You can recycle your glass, walk instead of driving, fit a solar water heater, and only fill the kettle with enough water for one cup of tea;  but if you’re still eating meat then you can’t really call yourself an environmentally concerned citizen.
The simple fact of the matter is that eating meat is one of the most anti-social things that you can do; worse, by far, than playing loud music or lighting a bonfire on a still summer’s evening. Worse even than driving around in a fuel-guzzling car or owning a power boat.

Another family whose carbon footprint is minuscule...
...their staple food is home-grown manioc which they eat with crabs caught in a wicker trap.

Some people claim that it is every man’s right to choose what he eats. They say that trying to discourage meat-eating is an infringement of our rights and liberties.
But we don’t have the liberty to burn coal, any more, and pollute the skies over the cities.
We don’t have the liberty to throw plastic bags and bottles into the sea.
We don’t have the liberty to build a house on our own green field in the countryside.
We don’t have the liberty to drive a car which is pumping out even more noxious fumes than the decreed upper limit.
Come to think of it, we don’t even have the liberty to smoke cigarettes on the bus, or to ride a motorbike without a crash-hat, or to make our own liquor, or to go naked.

These guys have never eaten beef, or flown in a plane, or even sat in a car. Is it fair for us to wantonly trash their planet?

Society operates according to a set of rules which have been devised in order to protect the interests of the majority.
Why should anyone have the liberty to trash this planet which is home to all of us?
(Please place your well-reasoned answers in the comments box, below.)

One can envisage a time when the tables will have turned and meat-eaters will find themselves in the same boat as smokers. Except that smokers are only harming themselves. The few remaining meat-eaters will be regarded in the same light as people who pour their old engine oil down the drain.

It’s easier than you think

Another man with a very low-impact lifestyle

12 years after giving up meat, I find that I really can’t swallow it. It’s not that I’m squeamish. You can cook your pig’s liver in my frying pan, alongside my veggie burger, and I won’t turn a hair. And if someone plonks a chicken curry in front of me I’ll even give it a go. I don’t like to cause offence, and so I will try to do it justice. But after the first mouthful of tasteless rubber I’ll shuffle the rest around my plate, I’ll eat the rice and the sauce, and then I’ll nudge my neighbour and mutter “I’m stuffed. ‘ Can’t manage another mouthful. Would you like to finish it off?”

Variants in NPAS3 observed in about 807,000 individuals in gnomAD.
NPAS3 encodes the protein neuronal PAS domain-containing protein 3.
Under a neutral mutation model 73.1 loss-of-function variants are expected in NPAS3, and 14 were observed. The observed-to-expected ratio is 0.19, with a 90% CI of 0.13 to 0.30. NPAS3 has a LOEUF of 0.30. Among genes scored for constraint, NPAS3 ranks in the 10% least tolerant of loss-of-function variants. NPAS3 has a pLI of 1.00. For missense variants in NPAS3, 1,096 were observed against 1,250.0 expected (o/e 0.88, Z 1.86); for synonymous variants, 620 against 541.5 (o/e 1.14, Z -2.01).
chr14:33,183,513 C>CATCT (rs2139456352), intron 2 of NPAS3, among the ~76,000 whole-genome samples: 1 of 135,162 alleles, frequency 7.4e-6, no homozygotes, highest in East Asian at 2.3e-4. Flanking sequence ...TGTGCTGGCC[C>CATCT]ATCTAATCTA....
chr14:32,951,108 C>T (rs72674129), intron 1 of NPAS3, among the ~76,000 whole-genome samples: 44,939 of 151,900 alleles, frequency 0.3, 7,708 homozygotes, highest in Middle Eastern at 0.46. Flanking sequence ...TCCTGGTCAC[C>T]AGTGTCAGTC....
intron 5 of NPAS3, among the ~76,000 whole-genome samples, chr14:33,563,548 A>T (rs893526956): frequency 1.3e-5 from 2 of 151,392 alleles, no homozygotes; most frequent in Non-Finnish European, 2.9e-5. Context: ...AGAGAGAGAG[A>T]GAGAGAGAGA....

Fish and creepy crawlies (such as prawns) I’m still okay with, up to a point, – provided that they have been caught locally and by a traditional, non-intensive, environmentally-sustainable method. But red meat – and beef in particular – now turns my stomach. If I find myself sitting next to an enthusiastic beef-eater then I actually have to move away. I don’t like to say this (and I never have said it before) but beef now smells to me exactly like dog shit. So my subconscious says, “This guy is eating…”


A few tips

Supper aboard Mollymawk, with 15 guests of various nationalities enjoying local vegetables curried in a coconut sauce

When it comes down to it, the hardest thing about giving up meat is throwing out your repertoire of recipes and learning a new set; but the www is chock-a-block with vegetarian recipe sites, so this is really no problem at all.

Bacon is the thing that most reluctant vegetarians find the hardest to forgo. When it comes down to it, it’s the saltiness and the smokey flavour that we love; so the solution is to replace bacon with something equally flavoursome.

The key to making a vegetarian dish tasty and appealing is to use lots of spices and other natural flavourings (in the appropriate combinations). It helps if you can also add something which will provide another texture. Peanuts in the stir-fry, for instance; or black olives and feta cheese in flan.
Vegetable curries are very easy, and so too are cheesy meals such as cauliflower and brocoli cheese with a sesame seed topping.

Aboard Mollymawk we regularly have friends to supper, and most of them are meat-eaters by inclination; yet they almost always come back for second helpings of our vegetarian fare. So, you see it really isn’t that hard to enjoy a meat-free diet.

See the previous articles in this series: Part I – Wishing You a Green Christmas and Part II – Confessions of a Vegetarian.